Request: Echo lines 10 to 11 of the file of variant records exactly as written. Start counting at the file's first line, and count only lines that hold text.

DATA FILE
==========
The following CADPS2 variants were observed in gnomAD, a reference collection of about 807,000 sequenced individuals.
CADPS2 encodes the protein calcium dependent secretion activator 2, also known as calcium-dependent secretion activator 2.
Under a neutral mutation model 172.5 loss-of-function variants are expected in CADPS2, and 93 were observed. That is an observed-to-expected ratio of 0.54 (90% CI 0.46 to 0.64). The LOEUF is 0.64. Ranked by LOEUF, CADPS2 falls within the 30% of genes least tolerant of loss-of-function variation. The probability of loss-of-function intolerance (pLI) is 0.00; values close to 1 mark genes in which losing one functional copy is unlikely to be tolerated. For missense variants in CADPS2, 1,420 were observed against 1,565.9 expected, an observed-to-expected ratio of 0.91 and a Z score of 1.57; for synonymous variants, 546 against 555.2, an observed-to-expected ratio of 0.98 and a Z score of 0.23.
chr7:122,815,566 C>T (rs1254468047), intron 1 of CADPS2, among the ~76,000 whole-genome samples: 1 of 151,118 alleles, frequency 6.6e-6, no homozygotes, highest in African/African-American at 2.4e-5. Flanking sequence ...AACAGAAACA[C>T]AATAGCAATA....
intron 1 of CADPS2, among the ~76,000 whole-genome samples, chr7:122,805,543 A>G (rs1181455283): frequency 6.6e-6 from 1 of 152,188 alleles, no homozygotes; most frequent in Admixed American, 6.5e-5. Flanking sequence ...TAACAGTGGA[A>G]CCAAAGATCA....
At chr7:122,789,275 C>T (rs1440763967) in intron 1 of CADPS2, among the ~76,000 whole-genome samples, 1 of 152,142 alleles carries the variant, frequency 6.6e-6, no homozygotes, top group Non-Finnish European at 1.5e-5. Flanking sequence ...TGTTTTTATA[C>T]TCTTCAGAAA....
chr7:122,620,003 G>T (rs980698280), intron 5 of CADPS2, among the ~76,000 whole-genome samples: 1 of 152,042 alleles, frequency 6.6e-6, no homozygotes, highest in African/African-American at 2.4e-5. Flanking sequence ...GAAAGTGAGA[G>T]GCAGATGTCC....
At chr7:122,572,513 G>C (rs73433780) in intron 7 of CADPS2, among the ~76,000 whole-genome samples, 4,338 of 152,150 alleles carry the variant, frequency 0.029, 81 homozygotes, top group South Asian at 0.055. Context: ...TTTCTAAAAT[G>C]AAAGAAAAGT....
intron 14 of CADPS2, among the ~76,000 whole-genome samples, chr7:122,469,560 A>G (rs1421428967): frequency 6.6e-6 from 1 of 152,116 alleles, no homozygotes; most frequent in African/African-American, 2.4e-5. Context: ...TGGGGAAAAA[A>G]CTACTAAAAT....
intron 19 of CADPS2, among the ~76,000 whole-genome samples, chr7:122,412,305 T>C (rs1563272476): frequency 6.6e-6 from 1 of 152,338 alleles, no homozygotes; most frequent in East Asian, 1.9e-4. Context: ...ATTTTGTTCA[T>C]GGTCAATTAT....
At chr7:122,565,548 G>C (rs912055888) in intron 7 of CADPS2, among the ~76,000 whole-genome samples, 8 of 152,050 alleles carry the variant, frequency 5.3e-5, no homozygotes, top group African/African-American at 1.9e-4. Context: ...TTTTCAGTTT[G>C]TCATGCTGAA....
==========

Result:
intron 19 of CADPS2, among the ~76,000 whole-genome samples, chr7:122,412,305 T>C (rs1563272476): frequency 6.6e-6 from 1 of 152,338 alleles, no homozygotes; most frequent in East Asian, 1.9e-4. Context: ...ATTTTGTTCA[T>C]GGTCAATTAT....
At chr7:122,565,548 G>C (rs912055888) in intron 7 of CADPS2, among the ~76,000 whole-genome samples, 8 of 152,050 alleles carry the variant, frequency 5.3e-5, no homozygotes, top group African/African-American at 1.9e-4. Context: ...TTTTCAGTTT[G>C]TCATGCTGAA....